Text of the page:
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  5. "I knew you were in the park."

"I knew you were in the park."

Translation:Jag visste att du var i parken.

March 30, 2015

6 Comments


https://www.duolingo.com/profile/Sandra_Brandt

"Jag visste du var i parken" was marked as wrong. Is it really necessary to use "att" and if so, which cases make it unnecessary?


https://www.duolingo.com/profile/Lundgren8

It’s a difficult question and I have no research to back me up, so I will go with my own intuition, and then ask the other mods if someone knows more:

I think it’s more common with certain verbs, like verbs that introduce some sort of reported speech, such as know, say, think, claim etc. This is still more a spoken phenomenon I think, and the att tends to be included in writing, or at least in more formal writing. In speech, to me, these sentences are fine however.

  • Han visste det var nåt som saknades. (He knew [that] something was missing)
  • Jag tror han kommer i morgon. (I believe [that] he’s coming tomorrow.)
  • Jag sa jag var besviken på honom. (I said [that] I was disappointed in him.)

These sounds more dubious, and probably not very common, but don’t sound completely ungrammatical:

  • ?Det är intressant han gillar språk så mycket. (It is interesting [that] he likes languages so much.)
  • ?De fastställde det rörde sig om något annat. (They confirmed [that] it concerned something else.)

I would never say something like this, I consider this ungrammatical:

  • ﹡Det var roligt han ramlade. (It was fun [that] he fell.)

It also seems to me that the longer the main clause is, the more dubious the omission of that becomes, even though they include the same verbs as above:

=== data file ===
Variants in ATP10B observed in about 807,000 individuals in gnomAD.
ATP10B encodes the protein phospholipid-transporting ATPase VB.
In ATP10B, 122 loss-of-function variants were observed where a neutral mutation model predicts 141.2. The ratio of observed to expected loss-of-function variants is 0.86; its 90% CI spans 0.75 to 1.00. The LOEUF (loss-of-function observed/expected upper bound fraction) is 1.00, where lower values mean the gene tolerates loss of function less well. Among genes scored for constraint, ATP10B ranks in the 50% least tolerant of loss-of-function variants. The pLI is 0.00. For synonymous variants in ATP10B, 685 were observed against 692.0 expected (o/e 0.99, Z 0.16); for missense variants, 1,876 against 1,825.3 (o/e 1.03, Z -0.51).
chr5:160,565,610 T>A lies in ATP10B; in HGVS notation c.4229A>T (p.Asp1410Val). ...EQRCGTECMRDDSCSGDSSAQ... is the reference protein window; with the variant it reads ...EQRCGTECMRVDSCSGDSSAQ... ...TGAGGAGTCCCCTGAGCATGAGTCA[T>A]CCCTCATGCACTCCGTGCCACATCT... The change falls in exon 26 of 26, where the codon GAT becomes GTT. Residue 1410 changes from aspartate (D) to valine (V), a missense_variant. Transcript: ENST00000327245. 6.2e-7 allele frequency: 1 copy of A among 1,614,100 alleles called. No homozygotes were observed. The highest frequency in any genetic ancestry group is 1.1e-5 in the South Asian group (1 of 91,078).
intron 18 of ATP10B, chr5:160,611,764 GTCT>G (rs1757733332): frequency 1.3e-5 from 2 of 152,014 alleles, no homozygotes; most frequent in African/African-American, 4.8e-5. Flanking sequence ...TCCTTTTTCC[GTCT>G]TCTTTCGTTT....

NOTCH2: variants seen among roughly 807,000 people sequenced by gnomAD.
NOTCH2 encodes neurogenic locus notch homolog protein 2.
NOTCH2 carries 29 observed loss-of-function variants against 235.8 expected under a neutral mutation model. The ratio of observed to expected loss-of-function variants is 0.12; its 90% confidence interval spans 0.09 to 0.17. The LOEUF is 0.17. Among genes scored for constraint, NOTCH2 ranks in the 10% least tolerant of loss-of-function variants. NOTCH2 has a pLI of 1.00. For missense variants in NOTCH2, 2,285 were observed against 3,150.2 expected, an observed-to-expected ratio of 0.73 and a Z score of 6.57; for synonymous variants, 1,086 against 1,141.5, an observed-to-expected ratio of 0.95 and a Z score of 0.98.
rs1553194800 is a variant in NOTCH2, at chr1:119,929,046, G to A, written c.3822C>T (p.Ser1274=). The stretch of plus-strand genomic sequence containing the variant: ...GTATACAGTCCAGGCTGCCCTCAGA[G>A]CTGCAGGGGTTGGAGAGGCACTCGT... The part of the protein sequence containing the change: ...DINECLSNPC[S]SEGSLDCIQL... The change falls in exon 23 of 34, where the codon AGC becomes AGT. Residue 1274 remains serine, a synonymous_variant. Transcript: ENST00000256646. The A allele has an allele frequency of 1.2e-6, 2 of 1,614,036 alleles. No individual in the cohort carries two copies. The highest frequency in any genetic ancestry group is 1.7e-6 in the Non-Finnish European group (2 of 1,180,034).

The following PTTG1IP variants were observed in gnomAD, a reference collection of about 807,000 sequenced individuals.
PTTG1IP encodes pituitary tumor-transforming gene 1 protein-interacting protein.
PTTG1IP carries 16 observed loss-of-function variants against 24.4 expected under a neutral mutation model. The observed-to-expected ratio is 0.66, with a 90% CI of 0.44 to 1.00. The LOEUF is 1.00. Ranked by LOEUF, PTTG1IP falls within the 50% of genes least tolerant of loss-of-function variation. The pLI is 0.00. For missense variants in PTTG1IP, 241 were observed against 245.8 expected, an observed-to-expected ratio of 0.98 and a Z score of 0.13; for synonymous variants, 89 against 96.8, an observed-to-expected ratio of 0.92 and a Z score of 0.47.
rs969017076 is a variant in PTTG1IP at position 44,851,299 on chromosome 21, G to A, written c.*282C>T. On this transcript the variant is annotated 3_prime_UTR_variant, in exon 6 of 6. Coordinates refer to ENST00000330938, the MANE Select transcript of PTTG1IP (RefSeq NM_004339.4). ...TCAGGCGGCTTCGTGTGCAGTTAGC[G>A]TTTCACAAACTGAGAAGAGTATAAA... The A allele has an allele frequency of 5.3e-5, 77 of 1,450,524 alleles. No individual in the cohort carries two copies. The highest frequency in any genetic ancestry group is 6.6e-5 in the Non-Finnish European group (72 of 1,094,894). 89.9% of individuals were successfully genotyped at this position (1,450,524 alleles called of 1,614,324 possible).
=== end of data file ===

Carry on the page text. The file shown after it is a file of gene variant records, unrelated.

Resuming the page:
• ?Han hade under dagen vetat det var nåt som saknades. (He had during the day known [that] something was missing.)
  • ?Hur kan du tro han kommer i morgon? (How can you possibly believe [that] he’s coming tomorrow?)
  • ?Alla eleverna i klass 5B sa de var besvikna på honom. (All the pupils in class 5B said [that] they were disappointed in him.)

Also not that this is a different phenomenon than the infinitive marker att that was discussed in this thread.

I shall ask around more and look for scientific papers about the phenomenon, and maybe we can write another text about it that’s not based on my personal intuition.


https://www.duolingo.com/profile/devalanteriel

Nice summary! I'd like to add some things, but please note that I don't have any sources here either.

If you can't exclude the att, it's mostly because the det or a similar referrent has been moved to another place in the sentence. You can see this for non-questions by moving the phrases around to a construction where the att is required, but without changing the word order within phrases. Let's compare:

  • Han visste [att] det var nåt som saknades.
  • ?[Att] det var nåt som saknades, han visste.
  • Det var roligt att han ramlade.
  • Att han ramlade, det var roligt.

In the first case, we can see that det var nåt som saknades is a direct argument to han visste, and you can hence leave the att out, since it is implied. But in the second case, att has a slightly different conjunctive function and is required.

It's actually basically the same in English:

  • He knew that there was something missing.
  • He knew there was something missing.
  • It was hilarious that he fell.
  • ?It was hilarious he fell.

I think that it would probably be easy to find patterns through analysis, if anyone is so inclined. For instance, I would assume that phrases beginning with det tend to require the att.


https://www.duolingo.com/profile/PoufPoal

What's with "visste" instead of "vet" ?


https://www.duolingo.com/profile/AlinaIvano6

Because "vet" it's present and "visste" it's passed. I think that


https://www.duolingo.com/profile/PoufPoal

Of course it is. I don't even know why I asked this question. I guess I misread the "knew" with a "know".

Thank you.

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